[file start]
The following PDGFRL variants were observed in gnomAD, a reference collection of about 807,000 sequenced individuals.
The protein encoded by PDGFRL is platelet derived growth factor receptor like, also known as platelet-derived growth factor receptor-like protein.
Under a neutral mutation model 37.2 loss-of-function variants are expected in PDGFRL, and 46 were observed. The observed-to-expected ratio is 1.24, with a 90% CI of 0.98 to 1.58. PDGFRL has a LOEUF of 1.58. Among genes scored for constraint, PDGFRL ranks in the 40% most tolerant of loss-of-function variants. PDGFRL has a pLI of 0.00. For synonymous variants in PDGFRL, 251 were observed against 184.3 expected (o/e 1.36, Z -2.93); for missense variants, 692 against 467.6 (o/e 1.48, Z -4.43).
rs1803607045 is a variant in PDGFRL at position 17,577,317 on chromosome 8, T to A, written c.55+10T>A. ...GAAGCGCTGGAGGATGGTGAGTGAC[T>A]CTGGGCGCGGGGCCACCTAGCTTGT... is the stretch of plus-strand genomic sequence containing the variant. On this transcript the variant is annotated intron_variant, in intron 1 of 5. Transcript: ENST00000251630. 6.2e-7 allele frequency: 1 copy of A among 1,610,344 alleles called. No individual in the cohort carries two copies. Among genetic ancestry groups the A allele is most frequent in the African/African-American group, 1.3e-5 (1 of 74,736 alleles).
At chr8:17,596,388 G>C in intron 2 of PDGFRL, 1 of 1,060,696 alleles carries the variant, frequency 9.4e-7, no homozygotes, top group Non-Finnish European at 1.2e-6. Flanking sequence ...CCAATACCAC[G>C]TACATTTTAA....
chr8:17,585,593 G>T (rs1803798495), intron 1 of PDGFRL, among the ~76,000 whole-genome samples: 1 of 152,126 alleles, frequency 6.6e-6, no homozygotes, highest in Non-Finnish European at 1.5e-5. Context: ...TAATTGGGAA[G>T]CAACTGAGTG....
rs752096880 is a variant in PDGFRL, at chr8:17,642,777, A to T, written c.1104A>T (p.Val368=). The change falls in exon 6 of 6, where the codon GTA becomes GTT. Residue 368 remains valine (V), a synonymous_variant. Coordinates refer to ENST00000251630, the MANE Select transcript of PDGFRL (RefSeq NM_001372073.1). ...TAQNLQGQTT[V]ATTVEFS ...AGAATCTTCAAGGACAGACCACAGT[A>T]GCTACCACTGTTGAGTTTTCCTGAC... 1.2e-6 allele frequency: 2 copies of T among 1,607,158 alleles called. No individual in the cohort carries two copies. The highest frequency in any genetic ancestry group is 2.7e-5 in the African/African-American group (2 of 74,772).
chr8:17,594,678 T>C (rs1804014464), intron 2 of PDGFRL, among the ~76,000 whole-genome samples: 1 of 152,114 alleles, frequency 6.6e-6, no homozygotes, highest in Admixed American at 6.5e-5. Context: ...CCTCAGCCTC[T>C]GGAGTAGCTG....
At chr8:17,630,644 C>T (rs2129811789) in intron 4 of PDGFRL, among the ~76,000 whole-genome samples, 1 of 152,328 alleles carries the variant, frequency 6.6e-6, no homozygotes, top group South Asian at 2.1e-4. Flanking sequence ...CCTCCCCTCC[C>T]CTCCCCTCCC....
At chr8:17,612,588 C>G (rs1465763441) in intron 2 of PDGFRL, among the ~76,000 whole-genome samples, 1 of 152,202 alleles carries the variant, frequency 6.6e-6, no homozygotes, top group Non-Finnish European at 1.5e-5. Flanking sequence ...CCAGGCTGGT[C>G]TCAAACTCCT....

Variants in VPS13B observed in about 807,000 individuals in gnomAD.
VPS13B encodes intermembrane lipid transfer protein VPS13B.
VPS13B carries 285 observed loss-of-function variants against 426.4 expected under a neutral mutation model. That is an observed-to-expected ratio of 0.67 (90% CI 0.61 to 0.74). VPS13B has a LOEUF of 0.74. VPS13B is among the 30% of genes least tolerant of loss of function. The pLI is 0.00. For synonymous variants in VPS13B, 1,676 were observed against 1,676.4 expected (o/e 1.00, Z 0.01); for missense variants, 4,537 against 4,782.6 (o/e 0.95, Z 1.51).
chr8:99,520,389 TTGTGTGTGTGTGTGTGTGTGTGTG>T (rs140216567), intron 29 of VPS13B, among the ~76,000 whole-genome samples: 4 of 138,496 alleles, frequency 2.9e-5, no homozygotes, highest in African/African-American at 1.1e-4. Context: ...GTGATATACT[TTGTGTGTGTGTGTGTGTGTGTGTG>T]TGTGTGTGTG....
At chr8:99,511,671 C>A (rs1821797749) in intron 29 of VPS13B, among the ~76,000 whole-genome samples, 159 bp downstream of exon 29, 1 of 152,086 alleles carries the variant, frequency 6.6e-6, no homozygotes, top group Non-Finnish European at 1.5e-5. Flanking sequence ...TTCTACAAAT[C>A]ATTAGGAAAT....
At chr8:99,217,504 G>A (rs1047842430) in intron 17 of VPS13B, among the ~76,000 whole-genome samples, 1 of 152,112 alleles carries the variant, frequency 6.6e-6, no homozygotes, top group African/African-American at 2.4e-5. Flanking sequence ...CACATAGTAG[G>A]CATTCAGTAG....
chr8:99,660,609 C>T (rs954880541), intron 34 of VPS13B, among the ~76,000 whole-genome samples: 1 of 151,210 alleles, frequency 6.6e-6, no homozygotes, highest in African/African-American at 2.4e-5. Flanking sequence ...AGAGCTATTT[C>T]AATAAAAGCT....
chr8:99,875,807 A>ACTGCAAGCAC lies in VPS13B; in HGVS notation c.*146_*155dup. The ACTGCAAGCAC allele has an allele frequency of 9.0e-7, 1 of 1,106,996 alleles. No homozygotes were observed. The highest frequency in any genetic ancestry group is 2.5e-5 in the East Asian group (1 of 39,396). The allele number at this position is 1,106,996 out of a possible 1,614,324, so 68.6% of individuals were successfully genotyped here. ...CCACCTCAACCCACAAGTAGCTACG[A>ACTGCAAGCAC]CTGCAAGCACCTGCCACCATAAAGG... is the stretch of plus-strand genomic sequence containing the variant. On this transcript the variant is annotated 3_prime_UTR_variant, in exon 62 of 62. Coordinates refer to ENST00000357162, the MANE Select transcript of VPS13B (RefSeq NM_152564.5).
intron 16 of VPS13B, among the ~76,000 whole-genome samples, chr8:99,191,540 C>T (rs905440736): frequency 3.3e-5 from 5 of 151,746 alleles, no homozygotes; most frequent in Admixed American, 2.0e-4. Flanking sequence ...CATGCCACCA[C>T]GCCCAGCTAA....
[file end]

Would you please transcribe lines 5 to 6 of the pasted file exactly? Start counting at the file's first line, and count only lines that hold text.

At chr8:17,596,388 G>C in intron 2 of PDGFRL, 1 of 1,060,696 alleles carries the variant, frequency 9.4e-7, no homozygotes, top group Non-Finnish European at 1.2e-6. Flanking sequence ...CCAATACCAC[G>C]TACATTTTAA....
chr8:17,585,593 G>T (rs1803798495), intron 1 of PDGFRL, among the ~76,000 whole-genome samples: 1 of 152,126 alleles, frequency 6.6e-6, no homozygotes, highest in Non-Finnish European at 1.5e-5. Context: ...TAATTGGGAA[G>T]CAACTGAGTG....